Kling sees this knowledge/power discrepancy at the heart of the financial crisis of 2008. Kling warns that increased concentration of power is a problem, not a panacea, for our modern world and suggests reforms designed to curb the growth of government and allow citizens greater control over the allocation of public goods.

Fairness and Freedom compares the history of two open societies--New Zealand and the United States--with much in common. Both have democratic polities, mixed-enterprise economies, individuated societies, pluralist cultures, and a deep concern for human rights and the rule of law. But all of these elements take different forms, because constellations of value are far apart. The dream of living free is America's Polaris; fairness and natural justice are New Zealand's Southern Cross.

Fischer asks why these similar countries went different ways. Both were founded by English-speaking colonists, but at different times and with disparate purposes. They lived in the first and second British Empires, which operated in very different ways. Indians and Maori were important agents of change, but to different ends. On the American frontier and in New Zealand's Bush, material possibilities and moral choices were not the same. Fischer takes the same comparative approach to parallel processes of nation-building and immigration, women's rights and racial wrongs, reform causes and conservative responses, war-fighting and peace-making, and global engagement in our own time--with similar results.

On another level, this book expands Fischer's past work on liberty and freedom. It is the first book to be published on the history of fairness. And it also poses new questions in the old tradition of history and moral philosophy. Is it possible to be both fair and free? In a vast array of evidence, Fischer finds that the strengths of these great values are needed to correct their weaknesses. As many societies seek to become more open--never twice in the same way, an understanding of our differences is the only path to peace.

Technological changes are posing stark challenges to America's core values. Basic constitutional principles find themselves under stress from stunning advances that were unimaginable even a few decades ago, much less during the Founders' era. Policymakers and scholars must begin thinking about how constitutional principles are being tested by technological change and how to ensure that those principles can be preserved without hindering technological progress.

Constitution 3.0, a product of the Brookings Institution's landmark Future of the Constitution program, presents an invaluable roadmap for responding to the challenge of adapting our constitutional values to future technological developments. Renowned legal analysts Jeffrey Rosen and Benjamin Wittes asked a diverse group of leading scholars to imagine plausible technological developments in or near the year 2025 that would stress current constitutional law and to propose possible solutions. Some tackled issues certain to arise in the very near future, while others addressed more speculative or hypothetical questions. Some favor judicial responses to the scenarios they pose; others prefer legislative or regulatory responses.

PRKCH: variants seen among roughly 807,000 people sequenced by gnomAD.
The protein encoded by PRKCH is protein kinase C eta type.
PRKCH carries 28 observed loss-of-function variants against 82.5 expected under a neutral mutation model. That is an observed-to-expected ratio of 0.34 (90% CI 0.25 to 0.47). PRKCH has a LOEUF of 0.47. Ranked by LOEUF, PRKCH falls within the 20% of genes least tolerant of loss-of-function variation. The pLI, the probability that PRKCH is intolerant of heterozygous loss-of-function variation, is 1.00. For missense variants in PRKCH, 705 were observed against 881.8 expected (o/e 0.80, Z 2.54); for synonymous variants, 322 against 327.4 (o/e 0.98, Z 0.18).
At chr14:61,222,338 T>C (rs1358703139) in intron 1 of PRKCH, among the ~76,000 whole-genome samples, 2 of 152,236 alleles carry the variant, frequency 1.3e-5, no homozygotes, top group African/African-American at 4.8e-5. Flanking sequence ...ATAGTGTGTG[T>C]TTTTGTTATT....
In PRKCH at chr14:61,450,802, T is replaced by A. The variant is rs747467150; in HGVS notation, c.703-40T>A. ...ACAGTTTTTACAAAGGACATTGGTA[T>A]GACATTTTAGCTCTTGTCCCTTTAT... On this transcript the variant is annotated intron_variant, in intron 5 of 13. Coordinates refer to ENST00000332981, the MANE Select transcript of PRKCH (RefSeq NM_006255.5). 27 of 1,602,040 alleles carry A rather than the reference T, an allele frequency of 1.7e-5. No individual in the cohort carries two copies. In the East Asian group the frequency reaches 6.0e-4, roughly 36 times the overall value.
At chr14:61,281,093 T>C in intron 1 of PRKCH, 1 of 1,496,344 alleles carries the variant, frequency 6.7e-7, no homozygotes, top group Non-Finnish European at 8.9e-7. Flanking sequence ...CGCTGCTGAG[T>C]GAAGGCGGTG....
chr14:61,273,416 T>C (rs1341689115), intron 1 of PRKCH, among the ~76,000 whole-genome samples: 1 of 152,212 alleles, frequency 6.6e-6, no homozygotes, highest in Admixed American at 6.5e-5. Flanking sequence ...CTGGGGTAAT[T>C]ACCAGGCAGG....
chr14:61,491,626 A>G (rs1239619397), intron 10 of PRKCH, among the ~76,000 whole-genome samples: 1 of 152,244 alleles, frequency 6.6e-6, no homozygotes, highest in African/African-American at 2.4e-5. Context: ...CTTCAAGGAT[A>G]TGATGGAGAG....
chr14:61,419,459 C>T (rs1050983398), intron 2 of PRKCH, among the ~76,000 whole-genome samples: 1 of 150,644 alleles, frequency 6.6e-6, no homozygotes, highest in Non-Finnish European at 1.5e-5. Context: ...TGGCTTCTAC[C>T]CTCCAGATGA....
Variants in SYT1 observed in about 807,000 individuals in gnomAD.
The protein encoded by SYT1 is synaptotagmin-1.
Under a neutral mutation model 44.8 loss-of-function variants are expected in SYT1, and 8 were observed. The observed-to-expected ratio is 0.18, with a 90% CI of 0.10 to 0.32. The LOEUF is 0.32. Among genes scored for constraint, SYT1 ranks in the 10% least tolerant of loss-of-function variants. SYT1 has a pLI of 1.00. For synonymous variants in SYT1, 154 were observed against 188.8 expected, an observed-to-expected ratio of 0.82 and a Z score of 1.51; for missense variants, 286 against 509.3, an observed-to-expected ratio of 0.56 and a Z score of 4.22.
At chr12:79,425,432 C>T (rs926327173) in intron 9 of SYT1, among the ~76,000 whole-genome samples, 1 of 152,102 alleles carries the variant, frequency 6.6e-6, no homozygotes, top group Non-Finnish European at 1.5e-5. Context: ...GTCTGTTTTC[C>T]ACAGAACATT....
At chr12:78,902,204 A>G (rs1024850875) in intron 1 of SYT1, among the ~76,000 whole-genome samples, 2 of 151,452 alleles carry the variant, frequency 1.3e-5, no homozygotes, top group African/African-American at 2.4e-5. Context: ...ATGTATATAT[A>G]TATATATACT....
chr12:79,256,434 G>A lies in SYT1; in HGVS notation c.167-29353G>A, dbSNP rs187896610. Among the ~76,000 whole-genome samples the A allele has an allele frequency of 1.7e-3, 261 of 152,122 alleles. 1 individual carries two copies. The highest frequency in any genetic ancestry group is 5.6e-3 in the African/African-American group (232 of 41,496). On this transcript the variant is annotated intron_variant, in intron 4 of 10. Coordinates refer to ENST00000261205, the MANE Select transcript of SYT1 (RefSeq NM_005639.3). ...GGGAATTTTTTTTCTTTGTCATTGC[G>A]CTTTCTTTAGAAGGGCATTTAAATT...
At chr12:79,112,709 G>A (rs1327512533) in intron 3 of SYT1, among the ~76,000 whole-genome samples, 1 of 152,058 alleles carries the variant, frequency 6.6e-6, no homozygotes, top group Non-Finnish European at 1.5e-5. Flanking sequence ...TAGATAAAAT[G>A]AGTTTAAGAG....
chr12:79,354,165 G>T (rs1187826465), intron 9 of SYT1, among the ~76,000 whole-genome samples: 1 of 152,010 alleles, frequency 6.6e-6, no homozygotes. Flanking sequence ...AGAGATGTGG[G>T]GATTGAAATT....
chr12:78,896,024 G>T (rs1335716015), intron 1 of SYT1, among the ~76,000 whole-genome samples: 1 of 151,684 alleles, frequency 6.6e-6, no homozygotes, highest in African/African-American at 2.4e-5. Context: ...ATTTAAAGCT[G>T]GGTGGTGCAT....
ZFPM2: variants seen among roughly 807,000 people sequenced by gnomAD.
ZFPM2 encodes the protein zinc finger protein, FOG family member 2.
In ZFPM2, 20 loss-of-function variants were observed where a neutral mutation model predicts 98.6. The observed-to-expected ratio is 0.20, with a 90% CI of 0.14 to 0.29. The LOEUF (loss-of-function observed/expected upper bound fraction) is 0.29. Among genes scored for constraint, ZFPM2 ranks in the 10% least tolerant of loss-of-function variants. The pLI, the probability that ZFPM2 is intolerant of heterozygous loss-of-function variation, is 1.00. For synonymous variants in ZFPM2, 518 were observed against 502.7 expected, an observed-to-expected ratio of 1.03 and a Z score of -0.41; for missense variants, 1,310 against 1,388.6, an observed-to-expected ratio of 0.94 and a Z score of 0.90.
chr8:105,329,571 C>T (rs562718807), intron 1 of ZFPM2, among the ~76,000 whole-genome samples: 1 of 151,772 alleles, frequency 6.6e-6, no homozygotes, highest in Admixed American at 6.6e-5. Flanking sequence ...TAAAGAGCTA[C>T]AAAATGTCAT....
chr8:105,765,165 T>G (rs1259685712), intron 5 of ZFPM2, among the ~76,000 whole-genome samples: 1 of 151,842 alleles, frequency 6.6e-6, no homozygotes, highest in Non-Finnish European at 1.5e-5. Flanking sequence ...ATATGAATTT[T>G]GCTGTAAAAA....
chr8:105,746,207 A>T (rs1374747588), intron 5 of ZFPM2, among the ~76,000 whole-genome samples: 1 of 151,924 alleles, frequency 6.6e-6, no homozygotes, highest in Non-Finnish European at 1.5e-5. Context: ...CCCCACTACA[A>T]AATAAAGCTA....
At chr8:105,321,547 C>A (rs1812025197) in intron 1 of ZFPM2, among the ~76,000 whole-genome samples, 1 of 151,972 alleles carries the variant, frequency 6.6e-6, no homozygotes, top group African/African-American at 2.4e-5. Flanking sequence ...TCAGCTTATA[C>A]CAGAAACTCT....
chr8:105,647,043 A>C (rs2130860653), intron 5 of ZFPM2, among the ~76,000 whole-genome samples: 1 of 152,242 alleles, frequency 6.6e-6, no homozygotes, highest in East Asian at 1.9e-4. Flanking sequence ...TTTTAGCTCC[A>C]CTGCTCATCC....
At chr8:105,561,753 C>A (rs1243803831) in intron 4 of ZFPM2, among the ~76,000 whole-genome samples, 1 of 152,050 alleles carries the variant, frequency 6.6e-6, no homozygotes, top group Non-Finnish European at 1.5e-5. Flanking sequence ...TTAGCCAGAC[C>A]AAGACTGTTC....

Shiller is suggested as a possible Nobel Prize winner “for pioneering contributions to financial market volatility and the dynamics of asset prices”

Shiller is best known to the public as the author of the bestseller Irrational Exuberance (Princeton 2000) which presciently warned of a bubble in the stock market. He also warned of an impending bubble in real estate values in a paper in 2003 and in the second edition of Irrational Exuberance in 2005. He is also the co-inventor of the widely quoted Case-Shiller index tracking real estate prices. But it is not for these accurate market forecasts or for his index that he may be in the running for Nobel honors. Rather, it is for his many studies of volatility in asset prices. In particularly, his 1981 article in American Economic Review, “Do Stock Prices Move Too Much to be Justified by Subsequent Changes in Dividends,” is a classic and highly cited study that challenged the widely accepted Efficient Market Hypothesis. This paper has been cited more than 700 times, is Shiller’s most cited journal article, and is listed in a summary on what mattered most in economics since 1970 and as one of the 20 most influential articles ever published in the American Economic Review, a study authored by several past Nobel Prize (see: More recently, he published, with the 2001 Nobel Laureate George A. Akerlof, Animal Spirits: How Human Psychology Drives the Economy, and Why it Matters for Global Capitalism (Princeton, 2009).

Why Capitalism

Disenchantment with the market economy has reached the point that many even question capitalism itself.

Allan H. Meltzer disagrees, passionately and persuasively. Drawing on deep expertise as a financial historian and authority on economic theory, he provides a resounding answer to the question, "why capitalism?" Only capitalism, he writes, maximizes both growth and individual freedom..

Vigorously argued, sweeping in scope, Why Capitalism? reminds us of the fundamental vitality of the one economic system that has survived every challenge, and risen to dominate the globe.

Paul Zak. Remember the name. No, you need not. His name will come back time and again. He is a shooting star in economics and neuroeconomics. Moral Molecule is a terrific book. Great science and great storytelling. In traditional economics, morality is an add-on. Something that must be constructed or realized through man-made rules and constitutional constraints on people's collective decision making, and for market-based decision making to work at all. Zak points to how such constraints might not have a prayer of making markets viable without the evolved chemistry of the brain that makes cooperation and trust self-rewarding.

JEL article

Economic Incentives and Social Preferences: Substitutes or Complements? Samuel Bowles and Sandra Polania-Reyes